I just came across a news article titled “GE preps industrial-strength cloud of its own“. At first glance, I figured here we go again, yet another company building its own cloud and boasting that it is the best solution for you the consumer. But then as the page loaded and I read the tag-line/summary, I actually got a little more intrigued.
“Today’s clouds aren’t optimized for heavy-duty industrial applications, says GE. Which is why it’s building a cloud of its own.”
Now this got me thinking… this isn’t your usual press release of yet another company going about how we are building our own cloud for our products; well actually it is, but it has a twist to it. GE are actually claiming that they will be building this cloud for the purpose of serving (specifically) industrial applications/systems.
So on Tuesday, GE is formally announcing Predix Cloud which it is building specifically to handle the types of data generated by jet engines, MRI scanners, power generation equipment, and other heavy-duty gear…
The interesting thing here is that this isn’t just any other cloud being built. For starters it’s being built by one of the behemoths of the industrial sector, and second of all this is a very purpose-built cloud that they will be building, i.e. not for everyone. Comparing this to Amazon’s cloud offering (Amazon Web Services), where you can just create an account, and start spinning up VM’s for general-purpose processing, hosting web sites, mail servers, online storage, or pretty much anything your heart desires. The way I see it is that this will not be the case with GE.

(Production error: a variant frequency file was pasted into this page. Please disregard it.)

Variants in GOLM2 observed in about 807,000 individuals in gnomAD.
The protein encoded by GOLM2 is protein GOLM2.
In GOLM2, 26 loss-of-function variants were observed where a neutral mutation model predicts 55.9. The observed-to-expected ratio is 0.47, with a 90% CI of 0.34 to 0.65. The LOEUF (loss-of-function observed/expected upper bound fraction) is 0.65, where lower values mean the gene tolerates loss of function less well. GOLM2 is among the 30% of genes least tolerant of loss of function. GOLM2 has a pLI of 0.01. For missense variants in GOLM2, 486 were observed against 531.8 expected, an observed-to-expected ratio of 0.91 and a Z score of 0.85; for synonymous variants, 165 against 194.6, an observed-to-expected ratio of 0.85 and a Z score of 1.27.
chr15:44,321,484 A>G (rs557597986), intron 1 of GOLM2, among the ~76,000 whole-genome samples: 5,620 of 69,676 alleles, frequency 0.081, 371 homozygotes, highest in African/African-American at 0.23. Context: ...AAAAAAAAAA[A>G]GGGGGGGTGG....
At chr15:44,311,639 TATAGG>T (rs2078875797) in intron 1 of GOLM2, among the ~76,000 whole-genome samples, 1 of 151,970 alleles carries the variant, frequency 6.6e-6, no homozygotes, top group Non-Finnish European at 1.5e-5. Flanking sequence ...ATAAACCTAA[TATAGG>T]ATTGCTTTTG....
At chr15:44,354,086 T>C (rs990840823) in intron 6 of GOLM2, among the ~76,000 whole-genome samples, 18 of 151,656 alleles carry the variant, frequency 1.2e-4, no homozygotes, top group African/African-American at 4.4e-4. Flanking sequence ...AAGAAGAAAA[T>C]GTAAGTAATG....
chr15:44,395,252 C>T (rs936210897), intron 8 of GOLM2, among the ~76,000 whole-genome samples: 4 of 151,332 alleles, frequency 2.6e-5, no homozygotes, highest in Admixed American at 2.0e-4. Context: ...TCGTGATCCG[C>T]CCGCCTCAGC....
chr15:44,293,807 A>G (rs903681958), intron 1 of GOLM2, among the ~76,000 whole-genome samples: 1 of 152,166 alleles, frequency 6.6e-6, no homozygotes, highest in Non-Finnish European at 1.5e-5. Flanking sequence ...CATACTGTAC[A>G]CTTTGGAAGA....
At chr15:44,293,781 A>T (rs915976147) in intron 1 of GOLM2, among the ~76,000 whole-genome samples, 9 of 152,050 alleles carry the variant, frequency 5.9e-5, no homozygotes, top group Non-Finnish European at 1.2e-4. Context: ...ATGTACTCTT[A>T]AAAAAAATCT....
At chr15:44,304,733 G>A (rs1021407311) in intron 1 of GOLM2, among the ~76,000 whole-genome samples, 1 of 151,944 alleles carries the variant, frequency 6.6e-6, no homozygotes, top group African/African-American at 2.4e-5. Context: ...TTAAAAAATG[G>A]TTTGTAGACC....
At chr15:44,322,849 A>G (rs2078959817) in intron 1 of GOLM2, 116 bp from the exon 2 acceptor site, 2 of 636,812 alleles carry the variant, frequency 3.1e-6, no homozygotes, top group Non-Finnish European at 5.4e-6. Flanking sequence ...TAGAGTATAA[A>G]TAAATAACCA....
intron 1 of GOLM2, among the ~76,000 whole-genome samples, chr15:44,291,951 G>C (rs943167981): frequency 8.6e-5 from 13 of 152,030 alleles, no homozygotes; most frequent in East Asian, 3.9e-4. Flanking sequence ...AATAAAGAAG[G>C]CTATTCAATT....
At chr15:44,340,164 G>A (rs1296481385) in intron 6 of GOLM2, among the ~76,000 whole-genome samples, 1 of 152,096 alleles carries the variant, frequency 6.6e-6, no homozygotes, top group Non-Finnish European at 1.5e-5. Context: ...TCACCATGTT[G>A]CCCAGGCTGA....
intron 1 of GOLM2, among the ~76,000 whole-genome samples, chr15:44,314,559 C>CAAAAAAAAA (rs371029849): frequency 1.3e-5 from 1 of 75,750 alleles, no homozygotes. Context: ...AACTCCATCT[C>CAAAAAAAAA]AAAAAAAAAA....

This bit of news then brings me to another thought… are we going to start seeing the rise of a new form of cloud infrastructure? The race so far has been between OpenStack, AWS, Azure, etc. But all these big players are competing in a specific arena, which is the public cloud, and more so, the general-purpose cloud. Since data of different industries and different applications behaves, and is treated in different manners, are we going to start seeing more companies build their own clouds, for application-specific purposes?
I believe this thought process is mainly attributed to the parallel that I see in the historical trend of microprocessors. You have your general-purpose CPU, such as the one in your computer right now, executing all kinds of tasks, as well as running your operating system. Then you have your GPU, which is a purpose-built processor used primarily for processing graphics instructions, visual transformations, and vector mathematics. Even more specific than that are Application-Specific Integrated Circuits (ASICs), which are pure integrated circuits that are built to solely perform a specific application (and damn are they fast). One very common occurrence where you may find ASICs is in a high-performance network switch or router that uses “hardware acceleration” technology to provide you with the specified performance; this hardware acceleration component is usually an ASIC chip that runs a certain set of procedures of an algorithm in near-real-time.
The trade-off between an ASIC and a CPU is that the former performs a limited and not very mutable set of instructions REALLY FAST, while the latter will perform almost any instruction (or set of instructions) that you throw at it, but it will take it’s sweet time (relatively) to do so.
So are we seeing the same trend begin to emerge today in the cloud infrastructure landscape? Is this what is to be expected to come out of GE’s new cloud, being that it’s a purpose-built cloud, and not just another general-purpose cloud like most of the others out there?
Your thoughts are welcome.